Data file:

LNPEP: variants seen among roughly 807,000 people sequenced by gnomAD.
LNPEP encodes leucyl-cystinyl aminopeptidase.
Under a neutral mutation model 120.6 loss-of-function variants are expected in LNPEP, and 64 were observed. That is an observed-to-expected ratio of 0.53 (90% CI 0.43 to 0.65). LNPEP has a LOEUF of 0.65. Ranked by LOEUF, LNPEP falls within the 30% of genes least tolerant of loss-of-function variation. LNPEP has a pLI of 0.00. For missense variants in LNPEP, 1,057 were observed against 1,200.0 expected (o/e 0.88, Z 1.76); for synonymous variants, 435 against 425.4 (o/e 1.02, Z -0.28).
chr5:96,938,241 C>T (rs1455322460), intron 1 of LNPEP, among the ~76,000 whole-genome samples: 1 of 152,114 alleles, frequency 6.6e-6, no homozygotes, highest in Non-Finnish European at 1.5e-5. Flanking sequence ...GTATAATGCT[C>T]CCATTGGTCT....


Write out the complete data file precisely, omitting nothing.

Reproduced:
LNPEP: variants seen among roughly 807,000 people sequenced by gnomAD.
LNPEP encodes leucyl-cystinyl aminopeptidase.
Under a neutral mutation model 120.6 loss-of-function variants are expected in LNPEP, and 64 were observed. That is an observed-to-expected ratio of 0.53 (90% CI 0.43 to 0.65). LNPEP has a LOEUF of 0.65. Ranked by LOEUF, LNPEP falls within the 30% of genes least tolerant of loss-of-function variation. LNPEP has a pLI of 0.00. For missense variants in LNPEP, 1,057 were observed against 1,200.0 expected (o/e 0.88, Z 1.76); for synonymous variants, 435 against 425.4 (o/e 1.02, Z -0.28).
chr5:96,938,241 C>T (rs1455322460), intron 1 of LNPEP, among the ~76,000 whole-genome samples: 1 of 152,114 alleles, frequency 6.6e-6, no homozygotes, highest in Non-Finnish European at 1.5e-5. Flanking sequence ...GTATAATGCT[C>T]CCATTGGTCT....